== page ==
“These are supporters that like to fight uphill battles,” report co-author Bennet Clifford told VOA. “What supporters are trying to do when they’re engaging with this conversation is attempt to shift the narrative away from loss and provide justifications for it.”

English, ISIS, Supporters, Messaging
FILE – An Islamic State flag is seen in this photo illustration. VOA

At the same time, these English-speaking supporters sought to amplify their beliefs, supplementing official IS propaganda with user-generated content while also increasing the distribution of instructional material on how to carry out attacks.

“I think it’s part of an attempt in some cases to spin the narrative their way,” Clifford added.

Attraction of Telegram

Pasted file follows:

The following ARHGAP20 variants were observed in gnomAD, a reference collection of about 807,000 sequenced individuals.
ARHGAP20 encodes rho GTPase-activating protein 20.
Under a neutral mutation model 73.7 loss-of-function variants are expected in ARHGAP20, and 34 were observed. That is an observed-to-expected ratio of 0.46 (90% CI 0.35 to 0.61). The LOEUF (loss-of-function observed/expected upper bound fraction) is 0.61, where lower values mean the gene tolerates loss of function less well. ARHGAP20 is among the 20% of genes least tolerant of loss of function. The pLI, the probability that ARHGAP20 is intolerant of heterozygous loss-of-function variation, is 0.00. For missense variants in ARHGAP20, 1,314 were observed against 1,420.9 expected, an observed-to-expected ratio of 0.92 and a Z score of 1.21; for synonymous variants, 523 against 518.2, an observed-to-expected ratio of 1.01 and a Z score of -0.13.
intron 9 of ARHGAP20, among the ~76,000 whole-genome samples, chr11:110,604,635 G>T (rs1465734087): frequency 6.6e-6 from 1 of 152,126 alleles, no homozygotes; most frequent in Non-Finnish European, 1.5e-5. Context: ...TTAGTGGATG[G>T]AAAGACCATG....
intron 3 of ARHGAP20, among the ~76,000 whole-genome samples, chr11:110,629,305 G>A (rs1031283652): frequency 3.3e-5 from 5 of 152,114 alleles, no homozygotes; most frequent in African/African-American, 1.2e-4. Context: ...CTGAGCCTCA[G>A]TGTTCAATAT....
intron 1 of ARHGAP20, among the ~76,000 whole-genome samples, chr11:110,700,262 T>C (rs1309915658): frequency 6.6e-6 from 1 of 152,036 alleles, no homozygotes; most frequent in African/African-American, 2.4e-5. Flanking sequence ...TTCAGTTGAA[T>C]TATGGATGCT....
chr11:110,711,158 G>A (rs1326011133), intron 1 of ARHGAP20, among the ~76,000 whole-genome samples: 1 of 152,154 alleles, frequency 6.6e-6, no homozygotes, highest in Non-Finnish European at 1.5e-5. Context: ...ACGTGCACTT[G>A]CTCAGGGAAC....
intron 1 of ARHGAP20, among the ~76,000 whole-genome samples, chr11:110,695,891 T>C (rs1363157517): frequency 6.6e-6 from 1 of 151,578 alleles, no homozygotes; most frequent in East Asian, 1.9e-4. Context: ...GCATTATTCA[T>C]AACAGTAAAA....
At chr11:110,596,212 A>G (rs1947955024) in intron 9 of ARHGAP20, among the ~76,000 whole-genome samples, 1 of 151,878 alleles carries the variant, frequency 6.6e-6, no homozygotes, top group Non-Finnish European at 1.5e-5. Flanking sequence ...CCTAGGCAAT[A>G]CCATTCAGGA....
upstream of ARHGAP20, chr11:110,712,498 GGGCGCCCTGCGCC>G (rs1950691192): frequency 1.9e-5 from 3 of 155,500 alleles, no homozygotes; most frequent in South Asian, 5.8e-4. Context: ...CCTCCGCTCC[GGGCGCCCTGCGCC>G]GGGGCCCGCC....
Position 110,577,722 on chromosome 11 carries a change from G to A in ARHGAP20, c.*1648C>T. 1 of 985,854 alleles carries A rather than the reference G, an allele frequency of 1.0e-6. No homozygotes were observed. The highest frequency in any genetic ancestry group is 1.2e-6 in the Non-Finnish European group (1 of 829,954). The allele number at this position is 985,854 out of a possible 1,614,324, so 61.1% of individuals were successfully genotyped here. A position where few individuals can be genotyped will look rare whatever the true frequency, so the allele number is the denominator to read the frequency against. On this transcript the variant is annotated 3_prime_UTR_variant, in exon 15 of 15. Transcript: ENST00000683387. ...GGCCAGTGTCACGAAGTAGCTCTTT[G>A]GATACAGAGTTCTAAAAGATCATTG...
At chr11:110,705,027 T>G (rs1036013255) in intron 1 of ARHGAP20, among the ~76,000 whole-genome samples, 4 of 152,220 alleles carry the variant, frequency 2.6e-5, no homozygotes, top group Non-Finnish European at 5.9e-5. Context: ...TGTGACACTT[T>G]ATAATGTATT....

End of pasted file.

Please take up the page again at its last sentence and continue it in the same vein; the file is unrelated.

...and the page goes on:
IS supporters first started flocking to Telegram, an instant messaging service that promises speed and encryption for private communications, in 2015 as social media platforms like Twitter and Facebook began a crackdown aimed at Islamic State’s often violent and gory propaganda.

Since then, IS has been hooked by Telegram’s promise that it will not disclose user data to government officials and by the service’s ability to let supporters organize and share large files, including video.

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“No other platforms appear to have developed the same balance of features, user-friendliness, and basic security that could warrant a new switch,” the report said.

That ease of use has long worried counterterrorism officials, who have watched as IS has used the online ecosystem to help plan and carry out the November 2015 attacks in Paris, attacks on a Christmas market in Berlin in December 2016 and the attack on the Reina nightclub in Istanbul just weeks later.

English-speaking facilitators